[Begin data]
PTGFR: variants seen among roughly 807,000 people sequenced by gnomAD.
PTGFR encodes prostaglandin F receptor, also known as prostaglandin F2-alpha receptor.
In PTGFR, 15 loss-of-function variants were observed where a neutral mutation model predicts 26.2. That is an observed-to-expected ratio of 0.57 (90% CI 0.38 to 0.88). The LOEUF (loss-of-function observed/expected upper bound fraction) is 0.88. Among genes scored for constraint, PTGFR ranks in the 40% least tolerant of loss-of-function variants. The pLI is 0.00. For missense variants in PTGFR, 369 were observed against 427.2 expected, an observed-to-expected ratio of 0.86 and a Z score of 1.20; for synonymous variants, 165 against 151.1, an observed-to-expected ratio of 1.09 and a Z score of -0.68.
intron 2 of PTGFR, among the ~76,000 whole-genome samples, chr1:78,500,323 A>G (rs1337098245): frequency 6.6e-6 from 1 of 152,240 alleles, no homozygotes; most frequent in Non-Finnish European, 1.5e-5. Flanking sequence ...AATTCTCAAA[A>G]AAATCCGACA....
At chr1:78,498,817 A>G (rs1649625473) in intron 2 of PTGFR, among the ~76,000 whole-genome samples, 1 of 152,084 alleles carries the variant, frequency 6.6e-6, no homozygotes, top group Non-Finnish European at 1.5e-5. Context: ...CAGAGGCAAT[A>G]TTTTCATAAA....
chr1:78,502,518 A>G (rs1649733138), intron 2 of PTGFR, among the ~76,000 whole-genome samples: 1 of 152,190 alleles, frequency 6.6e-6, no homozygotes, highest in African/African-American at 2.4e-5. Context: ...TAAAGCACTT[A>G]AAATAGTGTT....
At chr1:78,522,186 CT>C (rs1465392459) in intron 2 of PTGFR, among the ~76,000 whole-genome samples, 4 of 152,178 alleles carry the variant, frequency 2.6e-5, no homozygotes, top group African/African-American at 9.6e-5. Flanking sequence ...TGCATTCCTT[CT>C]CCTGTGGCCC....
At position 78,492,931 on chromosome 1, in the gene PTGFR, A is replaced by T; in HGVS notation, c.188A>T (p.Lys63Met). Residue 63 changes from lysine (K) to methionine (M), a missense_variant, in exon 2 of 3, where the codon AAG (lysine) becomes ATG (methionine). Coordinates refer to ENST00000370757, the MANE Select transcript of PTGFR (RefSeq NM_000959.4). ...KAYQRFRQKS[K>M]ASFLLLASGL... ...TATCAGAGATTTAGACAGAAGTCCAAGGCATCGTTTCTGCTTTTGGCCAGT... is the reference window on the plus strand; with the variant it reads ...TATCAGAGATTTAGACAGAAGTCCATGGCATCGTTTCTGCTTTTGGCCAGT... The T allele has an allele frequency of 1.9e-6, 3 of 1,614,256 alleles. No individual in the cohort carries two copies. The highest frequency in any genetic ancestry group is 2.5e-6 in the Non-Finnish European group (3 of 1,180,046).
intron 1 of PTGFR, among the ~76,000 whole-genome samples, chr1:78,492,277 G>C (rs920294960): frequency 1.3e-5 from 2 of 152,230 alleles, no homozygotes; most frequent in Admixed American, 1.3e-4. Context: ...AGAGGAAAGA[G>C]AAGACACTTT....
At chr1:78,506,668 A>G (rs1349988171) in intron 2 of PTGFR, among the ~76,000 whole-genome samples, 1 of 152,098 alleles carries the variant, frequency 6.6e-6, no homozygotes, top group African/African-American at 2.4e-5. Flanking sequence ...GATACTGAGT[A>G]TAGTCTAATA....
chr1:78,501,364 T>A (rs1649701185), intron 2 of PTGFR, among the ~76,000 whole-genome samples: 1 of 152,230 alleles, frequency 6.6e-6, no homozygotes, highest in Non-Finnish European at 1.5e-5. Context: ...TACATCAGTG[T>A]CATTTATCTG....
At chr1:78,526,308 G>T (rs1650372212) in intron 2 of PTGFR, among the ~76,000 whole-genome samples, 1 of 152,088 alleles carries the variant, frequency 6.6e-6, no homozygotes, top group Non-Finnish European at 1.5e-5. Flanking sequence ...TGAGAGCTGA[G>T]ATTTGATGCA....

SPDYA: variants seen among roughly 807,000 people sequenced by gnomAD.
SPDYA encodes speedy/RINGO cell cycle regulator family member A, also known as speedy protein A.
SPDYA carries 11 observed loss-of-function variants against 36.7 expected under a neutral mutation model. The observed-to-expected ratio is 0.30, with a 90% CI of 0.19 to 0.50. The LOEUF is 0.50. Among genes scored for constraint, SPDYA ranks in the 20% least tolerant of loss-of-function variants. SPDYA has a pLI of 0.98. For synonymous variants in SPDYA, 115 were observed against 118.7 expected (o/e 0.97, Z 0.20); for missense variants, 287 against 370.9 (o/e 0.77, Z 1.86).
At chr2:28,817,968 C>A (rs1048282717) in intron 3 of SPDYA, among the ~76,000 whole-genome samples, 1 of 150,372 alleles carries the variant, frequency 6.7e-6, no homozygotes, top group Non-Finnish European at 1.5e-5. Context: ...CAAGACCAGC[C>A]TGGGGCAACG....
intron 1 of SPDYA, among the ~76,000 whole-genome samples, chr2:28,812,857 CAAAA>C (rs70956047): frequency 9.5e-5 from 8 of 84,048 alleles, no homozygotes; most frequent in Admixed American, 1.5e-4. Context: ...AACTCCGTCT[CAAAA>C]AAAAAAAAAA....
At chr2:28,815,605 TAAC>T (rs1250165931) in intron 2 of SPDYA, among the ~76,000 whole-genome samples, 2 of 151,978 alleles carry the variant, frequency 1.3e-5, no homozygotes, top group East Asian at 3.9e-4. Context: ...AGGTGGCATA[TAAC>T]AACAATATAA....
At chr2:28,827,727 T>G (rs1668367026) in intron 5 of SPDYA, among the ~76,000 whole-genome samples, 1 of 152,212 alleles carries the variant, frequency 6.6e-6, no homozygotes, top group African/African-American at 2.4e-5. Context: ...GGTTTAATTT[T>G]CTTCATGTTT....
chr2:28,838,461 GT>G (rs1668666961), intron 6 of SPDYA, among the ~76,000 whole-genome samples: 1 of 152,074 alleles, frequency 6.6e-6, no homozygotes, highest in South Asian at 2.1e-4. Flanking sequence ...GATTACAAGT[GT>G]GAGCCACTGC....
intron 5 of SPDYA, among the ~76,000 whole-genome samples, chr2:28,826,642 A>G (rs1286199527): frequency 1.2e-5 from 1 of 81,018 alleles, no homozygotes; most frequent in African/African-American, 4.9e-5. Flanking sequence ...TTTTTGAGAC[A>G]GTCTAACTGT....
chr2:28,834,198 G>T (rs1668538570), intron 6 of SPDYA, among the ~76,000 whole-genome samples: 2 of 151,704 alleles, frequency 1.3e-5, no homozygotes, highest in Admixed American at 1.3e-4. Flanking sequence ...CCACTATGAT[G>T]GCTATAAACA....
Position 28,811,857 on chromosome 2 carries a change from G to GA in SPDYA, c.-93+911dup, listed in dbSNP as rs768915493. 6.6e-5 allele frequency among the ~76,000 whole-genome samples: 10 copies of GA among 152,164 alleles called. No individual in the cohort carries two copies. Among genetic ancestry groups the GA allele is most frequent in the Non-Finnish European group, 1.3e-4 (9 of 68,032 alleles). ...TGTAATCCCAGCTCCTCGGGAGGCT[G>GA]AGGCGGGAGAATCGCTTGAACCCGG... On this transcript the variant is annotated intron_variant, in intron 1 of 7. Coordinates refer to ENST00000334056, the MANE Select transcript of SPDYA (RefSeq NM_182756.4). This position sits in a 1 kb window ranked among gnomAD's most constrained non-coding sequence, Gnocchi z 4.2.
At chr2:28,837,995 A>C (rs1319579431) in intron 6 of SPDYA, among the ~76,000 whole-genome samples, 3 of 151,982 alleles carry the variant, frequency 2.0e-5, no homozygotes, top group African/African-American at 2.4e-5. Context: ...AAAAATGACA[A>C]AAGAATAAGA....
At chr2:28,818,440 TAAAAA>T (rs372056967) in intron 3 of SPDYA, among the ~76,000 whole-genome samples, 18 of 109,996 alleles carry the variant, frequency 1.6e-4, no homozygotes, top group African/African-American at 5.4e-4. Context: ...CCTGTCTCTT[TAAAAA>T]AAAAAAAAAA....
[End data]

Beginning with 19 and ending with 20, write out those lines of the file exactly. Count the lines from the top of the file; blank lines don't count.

At chr2:28,827,727 T>G (rs1668367026) in intron 5 of SPDYA, among the ~76,000 whole-genome samples, 1 of 152,212 alleles carries the variant, frequency 6.6e-6, no homozygotes, top group African/African-American at 2.4e-5. Context: ...GGTTTAATTT[T>G]CTTCATGTTT....
chr2:28,838,461 GT>G (rs1668666961), intron 6 of SPDYA, among the ~76,000 whole-genome samples: 1 of 152,074 alleles, frequency 6.6e-6, no homozygotes, highest in South Asian at 2.1e-4. Flanking sequence ...GATTACAAGT[GT>G]GAGCCACTGC....